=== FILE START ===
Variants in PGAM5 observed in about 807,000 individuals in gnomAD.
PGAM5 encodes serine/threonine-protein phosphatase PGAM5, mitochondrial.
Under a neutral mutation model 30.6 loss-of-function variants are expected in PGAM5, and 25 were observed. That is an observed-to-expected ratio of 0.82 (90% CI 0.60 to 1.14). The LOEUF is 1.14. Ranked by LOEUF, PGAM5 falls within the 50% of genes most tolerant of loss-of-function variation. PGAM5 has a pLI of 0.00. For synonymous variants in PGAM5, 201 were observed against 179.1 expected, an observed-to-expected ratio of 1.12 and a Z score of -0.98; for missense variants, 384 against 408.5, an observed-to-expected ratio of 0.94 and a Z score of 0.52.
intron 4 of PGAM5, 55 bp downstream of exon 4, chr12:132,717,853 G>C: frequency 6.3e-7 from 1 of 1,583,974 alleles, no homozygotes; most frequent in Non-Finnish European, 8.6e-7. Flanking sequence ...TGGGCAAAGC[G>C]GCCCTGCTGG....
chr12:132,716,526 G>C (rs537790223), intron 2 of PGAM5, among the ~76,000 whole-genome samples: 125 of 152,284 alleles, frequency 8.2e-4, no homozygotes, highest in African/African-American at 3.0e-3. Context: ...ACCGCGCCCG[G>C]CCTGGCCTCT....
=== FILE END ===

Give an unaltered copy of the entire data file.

Variants in PGAM5 observed in about 807,000 individuals in gnomAD.
PGAM5 encodes serine/threonine-protein phosphatase PGAM5, mitochondrial.
Under a neutral mutation model 30.6 loss-of-function variants are expected in PGAM5, and 25 were observed. That is an observed-to-expected ratio of 0.82 (90% CI 0.60 to 1.14). The LOEUF is 1.14. Ranked by LOEUF, PGAM5 falls within the 50% of genes most tolerant of loss-of-function variation. PGAM5 has a pLI of 0.00. For synonymous variants in PGAM5, 201 were observed against 179.1 expected, an observed-to-expected ratio of 1.12 and a Z score of -0.98; for missense variants, 384 against 408.5, an observed-to-expected ratio of 0.94 and a Z score of 0.52.
intron 4 of PGAM5, 55 bp downstream of exon 4, chr12:132,717,853 G>C: frequency 6.3e-7 from 1 of 1,583,974 alleles, no homozygotes; most frequent in Non-Finnish European, 8.6e-7. Flanking sequence ...TGGGCAAAGC[G>C]GCCCTGCTGG....
chr12:132,716,526 G>C (rs537790223), intron 2 of PGAM5, among the ~76,000 whole-genome samples: 125 of 152,284 alleles, frequency 8.2e-4, no homozygotes, highest in African/African-American at 3.0e-3. Context: ...ACCGCGCCCG[G>C]CCTGGCCTCT....